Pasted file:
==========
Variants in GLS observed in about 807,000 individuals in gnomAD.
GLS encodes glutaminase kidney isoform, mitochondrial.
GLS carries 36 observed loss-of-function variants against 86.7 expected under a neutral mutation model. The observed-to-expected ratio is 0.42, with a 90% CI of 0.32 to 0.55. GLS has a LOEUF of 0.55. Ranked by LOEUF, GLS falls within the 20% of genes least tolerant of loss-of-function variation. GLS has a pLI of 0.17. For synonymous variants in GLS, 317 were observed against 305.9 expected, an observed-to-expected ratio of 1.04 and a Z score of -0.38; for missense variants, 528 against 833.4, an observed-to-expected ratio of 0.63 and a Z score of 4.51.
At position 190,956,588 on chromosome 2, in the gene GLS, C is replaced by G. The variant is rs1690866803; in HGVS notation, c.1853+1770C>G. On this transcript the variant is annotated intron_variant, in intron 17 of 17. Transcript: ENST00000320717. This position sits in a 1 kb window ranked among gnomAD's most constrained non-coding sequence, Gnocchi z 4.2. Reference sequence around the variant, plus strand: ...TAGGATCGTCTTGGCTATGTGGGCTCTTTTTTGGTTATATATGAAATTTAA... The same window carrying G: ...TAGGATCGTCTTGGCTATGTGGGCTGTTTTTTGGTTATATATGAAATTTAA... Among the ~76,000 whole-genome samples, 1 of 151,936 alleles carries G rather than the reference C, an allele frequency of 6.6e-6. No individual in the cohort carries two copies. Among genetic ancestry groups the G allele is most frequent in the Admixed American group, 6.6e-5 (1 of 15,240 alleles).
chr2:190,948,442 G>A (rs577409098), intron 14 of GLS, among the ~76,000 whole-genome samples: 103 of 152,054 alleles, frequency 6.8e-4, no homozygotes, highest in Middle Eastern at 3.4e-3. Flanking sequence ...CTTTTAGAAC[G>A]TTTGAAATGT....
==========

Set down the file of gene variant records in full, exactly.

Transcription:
Variants in GLS observed in about 807,000 individuals in gnomAD.
GLS encodes glutaminase kidney isoform, mitochondrial.
GLS carries 36 observed loss-of-function variants against 86.7 expected under a neutral mutation model. The observed-to-expected ratio is 0.42, with a 90% CI of 0.32 to 0.55. GLS has a LOEUF of 0.55. Ranked by LOEUF, GLS falls within the 20% of genes least tolerant of loss-of-function variation. GLS has a pLI of 0.17. For synonymous variants in GLS, 317 were observed against 305.9 expected, an observed-to-expected ratio of 1.04 and a Z score of -0.38; for missense variants, 528 against 833.4, an observed-to-expected ratio of 0.63 and a Z score of 4.51.
At position 190,956,588 on chromosome 2, in the gene GLS, C is replaced by G. The variant is rs1690866803; in HGVS notation, c.1853+1770C>G. On this transcript the variant is annotated intron_variant, in intron 17 of 17. Transcript: ENST00000320717. This position sits in a 1 kb window ranked among gnomAD's most constrained non-coding sequence, Gnocchi z 4.2. Reference sequence around the variant, plus strand: ...TAGGATCGTCTTGGCTATGTGGGCTCTTTTTTGGTTATATATGAAATTTAA... The same window carrying G: ...TAGGATCGTCTTGGCTATGTGGGCTGTTTTTTGGTTATATATGAAATTTAA... Among the ~76,000 whole-genome samples, 1 of 151,936 alleles carries G rather than the reference C, an allele frequency of 6.6e-6. No individual in the cohort carries two copies. Among genetic ancestry groups the G allele is most frequent in the Admixed American group, 6.6e-5 (1 of 15,240 alleles).
chr2:190,948,442 G>A (rs577409098), intron 14 of GLS, among the ~76,000 whole-genome samples: 103 of 152,054 alleles, frequency 6.8e-4, no homozygotes, highest in Middle Eastern at 3.4e-3. Flanking sequence ...CTTTTAGAAC[G>A]TTTGAAATGT....